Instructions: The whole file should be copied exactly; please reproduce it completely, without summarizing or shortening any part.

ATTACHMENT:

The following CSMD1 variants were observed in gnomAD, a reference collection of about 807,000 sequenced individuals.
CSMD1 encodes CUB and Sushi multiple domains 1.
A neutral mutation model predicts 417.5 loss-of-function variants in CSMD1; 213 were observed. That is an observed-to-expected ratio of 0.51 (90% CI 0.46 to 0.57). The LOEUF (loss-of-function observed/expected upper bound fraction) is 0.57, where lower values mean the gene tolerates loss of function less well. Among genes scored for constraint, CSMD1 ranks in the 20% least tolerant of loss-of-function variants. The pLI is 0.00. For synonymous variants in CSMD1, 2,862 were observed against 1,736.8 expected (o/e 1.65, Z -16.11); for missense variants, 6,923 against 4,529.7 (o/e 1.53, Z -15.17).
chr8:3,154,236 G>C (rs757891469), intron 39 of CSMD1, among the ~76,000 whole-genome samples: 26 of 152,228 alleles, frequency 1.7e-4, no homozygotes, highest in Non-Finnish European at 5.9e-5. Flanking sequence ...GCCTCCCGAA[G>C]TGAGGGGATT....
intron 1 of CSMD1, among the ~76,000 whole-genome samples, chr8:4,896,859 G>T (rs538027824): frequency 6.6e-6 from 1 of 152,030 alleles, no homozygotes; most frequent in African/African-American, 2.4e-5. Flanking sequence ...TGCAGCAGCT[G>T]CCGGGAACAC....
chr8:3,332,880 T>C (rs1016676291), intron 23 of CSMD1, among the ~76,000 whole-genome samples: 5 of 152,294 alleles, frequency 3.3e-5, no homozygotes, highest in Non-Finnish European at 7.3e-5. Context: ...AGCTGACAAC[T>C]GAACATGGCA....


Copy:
The following CSMD1 variants were observed in gnomAD, a reference collection of about 807,000 sequenced individuals.
CSMD1 encodes CUB and Sushi multiple domains 1.
A neutral mutation model predicts 417.5 loss-of-function variants in CSMD1; 213 were observed. That is an observed-to-expected ratio of 0.51 (90% CI 0.46 to 0.57). The LOEUF (loss-of-function observed/expected upper bound fraction) is 0.57, where lower values mean the gene tolerates loss of function less well. Among genes scored for constraint, CSMD1 ranks in the 20% least tolerant of loss-of-function variants. The pLI is 0.00. For synonymous variants in CSMD1, 2,862 were observed against 1,736.8 expected (o/e 1.65, Z -16.11); for missense variants, 6,923 against 4,529.7 (o/e 1.53, Z -15.17).
chr8:3,154,236 G>C (rs757891469), intron 39 of CSMD1, among the ~76,000 whole-genome samples: 26 of 152,228 alleles, frequency 1.7e-4, no homozygotes, highest in Non-Finnish European at 5.9e-5. Flanking sequence ...GCCTCCCGAA[G>C]TGAGGGGATT....
intron 1 of CSMD1, among the ~76,000 whole-genome samples, chr8:4,896,859 G>T (rs538027824): frequency 6.6e-6 from 1 of 152,030 alleles, no homozygotes; most frequent in African/African-American, 2.4e-5. Flanking sequence ...TGCAGCAGCT[G>T]CCGGGAACAC....
chr8:3,332,880 T>C (rs1016676291), intron 23 of CSMD1, among the ~76,000 whole-genome samples: 5 of 152,294 alleles, frequency 3.3e-5, no homozygotes, highest in Non-Finnish European at 7.3e-5. Context: ...AGCTGACAAC[T>C]GAACATGGCA....